Marine Science Faculty Publications

Assessing Coral Reef Health in the North Ari Atoll (Maldives) Using the FoRAM Index

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bioindicators, domestic pollution, foraminifera, indian ocean

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Tropical marine ecosystems are richly diverse, but are experiencing growing pressure from coastal development and tourism. Assessing the status of coral reef communities along gradients of human pressure is necessary to predict recovery capacity of reefs exposed to acute events such as mass bleaching or storm destruction. Islands in the central Maldives Archipelago, which experience three different management regimes (four for each category: local community, uninhabited, and resort islands), were sampled during the International Union for Conservation of Nature (IUCN)-REGENERATE Cruise in 2015. Assessments were carried out using the FoRAM Index (FI), based on relative abundances of larger foraminiferal shells in reef sediments.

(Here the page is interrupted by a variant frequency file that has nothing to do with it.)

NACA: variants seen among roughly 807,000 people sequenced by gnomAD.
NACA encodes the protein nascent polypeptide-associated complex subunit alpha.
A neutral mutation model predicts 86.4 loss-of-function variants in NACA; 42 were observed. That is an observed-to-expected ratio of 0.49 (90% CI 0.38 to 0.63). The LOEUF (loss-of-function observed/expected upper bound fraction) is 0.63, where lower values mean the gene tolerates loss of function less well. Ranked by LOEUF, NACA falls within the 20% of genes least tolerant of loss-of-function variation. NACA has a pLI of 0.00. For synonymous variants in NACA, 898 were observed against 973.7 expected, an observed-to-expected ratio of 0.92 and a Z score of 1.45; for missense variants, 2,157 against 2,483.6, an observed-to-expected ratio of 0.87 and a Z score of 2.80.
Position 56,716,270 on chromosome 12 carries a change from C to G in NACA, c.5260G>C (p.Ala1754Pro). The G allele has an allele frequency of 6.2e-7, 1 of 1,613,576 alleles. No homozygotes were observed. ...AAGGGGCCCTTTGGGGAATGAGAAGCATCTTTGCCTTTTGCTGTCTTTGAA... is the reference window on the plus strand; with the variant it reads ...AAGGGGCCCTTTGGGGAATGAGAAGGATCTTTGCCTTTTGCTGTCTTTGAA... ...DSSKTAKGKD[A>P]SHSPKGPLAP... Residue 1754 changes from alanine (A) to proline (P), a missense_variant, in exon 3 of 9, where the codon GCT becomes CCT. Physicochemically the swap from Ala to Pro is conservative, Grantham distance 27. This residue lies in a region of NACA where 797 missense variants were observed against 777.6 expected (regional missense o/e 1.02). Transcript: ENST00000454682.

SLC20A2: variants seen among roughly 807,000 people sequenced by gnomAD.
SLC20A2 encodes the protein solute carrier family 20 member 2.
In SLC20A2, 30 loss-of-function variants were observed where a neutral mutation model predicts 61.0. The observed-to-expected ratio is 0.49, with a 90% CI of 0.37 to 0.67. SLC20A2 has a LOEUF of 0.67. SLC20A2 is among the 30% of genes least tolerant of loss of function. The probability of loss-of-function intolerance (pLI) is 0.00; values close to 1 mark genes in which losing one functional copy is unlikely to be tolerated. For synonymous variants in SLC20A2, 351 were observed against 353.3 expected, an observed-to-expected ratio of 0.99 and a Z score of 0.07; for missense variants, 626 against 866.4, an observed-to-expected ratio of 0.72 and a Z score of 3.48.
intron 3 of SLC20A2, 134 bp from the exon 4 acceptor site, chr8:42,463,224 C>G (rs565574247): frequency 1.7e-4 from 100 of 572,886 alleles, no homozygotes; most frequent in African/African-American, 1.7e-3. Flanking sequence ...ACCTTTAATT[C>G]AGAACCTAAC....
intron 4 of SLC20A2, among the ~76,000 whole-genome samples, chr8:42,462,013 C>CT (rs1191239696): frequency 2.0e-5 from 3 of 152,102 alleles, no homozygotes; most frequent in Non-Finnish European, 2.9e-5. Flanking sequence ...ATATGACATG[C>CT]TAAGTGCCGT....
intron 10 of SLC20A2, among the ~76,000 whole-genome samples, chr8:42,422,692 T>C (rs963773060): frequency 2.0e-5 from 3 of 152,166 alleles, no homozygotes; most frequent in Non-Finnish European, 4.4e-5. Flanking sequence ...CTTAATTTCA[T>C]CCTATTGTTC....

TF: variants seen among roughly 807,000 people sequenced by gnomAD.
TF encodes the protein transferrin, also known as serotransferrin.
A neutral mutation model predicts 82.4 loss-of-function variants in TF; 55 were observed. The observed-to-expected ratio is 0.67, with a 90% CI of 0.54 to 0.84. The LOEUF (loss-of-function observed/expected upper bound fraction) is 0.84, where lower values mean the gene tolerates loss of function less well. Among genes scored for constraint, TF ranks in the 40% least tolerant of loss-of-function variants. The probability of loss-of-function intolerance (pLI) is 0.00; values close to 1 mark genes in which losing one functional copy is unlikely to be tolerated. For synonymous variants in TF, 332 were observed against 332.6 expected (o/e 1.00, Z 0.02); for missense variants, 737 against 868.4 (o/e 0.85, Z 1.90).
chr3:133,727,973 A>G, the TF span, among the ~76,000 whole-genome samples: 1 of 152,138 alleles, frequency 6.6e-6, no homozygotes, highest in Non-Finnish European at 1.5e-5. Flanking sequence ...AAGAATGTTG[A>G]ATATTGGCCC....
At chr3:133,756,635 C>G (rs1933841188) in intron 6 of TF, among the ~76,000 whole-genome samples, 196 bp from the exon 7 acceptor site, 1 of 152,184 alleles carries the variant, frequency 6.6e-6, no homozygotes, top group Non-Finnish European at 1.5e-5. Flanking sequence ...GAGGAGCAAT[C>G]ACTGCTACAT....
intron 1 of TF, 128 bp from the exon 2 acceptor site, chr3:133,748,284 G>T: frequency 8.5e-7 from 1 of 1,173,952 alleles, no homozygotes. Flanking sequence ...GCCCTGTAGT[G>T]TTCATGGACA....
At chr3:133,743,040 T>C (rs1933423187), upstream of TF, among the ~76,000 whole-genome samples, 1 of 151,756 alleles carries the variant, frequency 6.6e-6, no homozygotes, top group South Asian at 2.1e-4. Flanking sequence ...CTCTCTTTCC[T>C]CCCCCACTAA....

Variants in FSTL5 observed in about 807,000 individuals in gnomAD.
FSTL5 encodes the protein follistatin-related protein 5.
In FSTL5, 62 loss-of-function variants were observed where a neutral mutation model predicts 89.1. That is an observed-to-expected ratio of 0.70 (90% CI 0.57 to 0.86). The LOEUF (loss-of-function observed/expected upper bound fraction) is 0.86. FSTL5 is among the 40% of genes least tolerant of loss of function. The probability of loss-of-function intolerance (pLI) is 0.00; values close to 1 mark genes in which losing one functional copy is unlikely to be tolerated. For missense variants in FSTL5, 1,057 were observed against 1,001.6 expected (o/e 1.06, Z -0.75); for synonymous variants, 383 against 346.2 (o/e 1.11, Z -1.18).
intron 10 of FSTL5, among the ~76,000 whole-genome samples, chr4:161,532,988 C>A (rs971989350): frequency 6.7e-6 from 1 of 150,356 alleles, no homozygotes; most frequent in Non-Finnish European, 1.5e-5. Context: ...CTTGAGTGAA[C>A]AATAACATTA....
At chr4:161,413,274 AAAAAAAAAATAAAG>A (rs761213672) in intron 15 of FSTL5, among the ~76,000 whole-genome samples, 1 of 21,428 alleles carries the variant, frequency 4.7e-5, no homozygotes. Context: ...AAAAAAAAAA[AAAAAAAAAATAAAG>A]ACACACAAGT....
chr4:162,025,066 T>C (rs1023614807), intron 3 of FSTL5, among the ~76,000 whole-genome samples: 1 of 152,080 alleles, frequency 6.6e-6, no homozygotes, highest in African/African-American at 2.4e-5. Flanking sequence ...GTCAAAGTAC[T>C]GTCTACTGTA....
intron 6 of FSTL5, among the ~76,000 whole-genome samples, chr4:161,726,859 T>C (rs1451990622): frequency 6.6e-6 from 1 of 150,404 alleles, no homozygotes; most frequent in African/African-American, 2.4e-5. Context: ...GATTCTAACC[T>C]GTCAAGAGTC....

Overall, FI values (> 5) indicate that water quality currently should support active accretion by reef-building corals and larger benthic foraminifers. The highest median FI values (5.9) were recorded from sites associated with the uninhabited islands. Slightly, but significantly lower medians were recorded at sites near community and resort islands (FI = 5.3 and 5.1, respectively) that host permanent human settlement, indicating possible local deterioration of water quality by disposal of domestic wastes. Note that the FI was designed to assess suitability of local water quality and not to assess responses to regional to global changes associated with temperature stress or ocean acidification.

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Marine Micropaleontology, v. 133, p. 50-57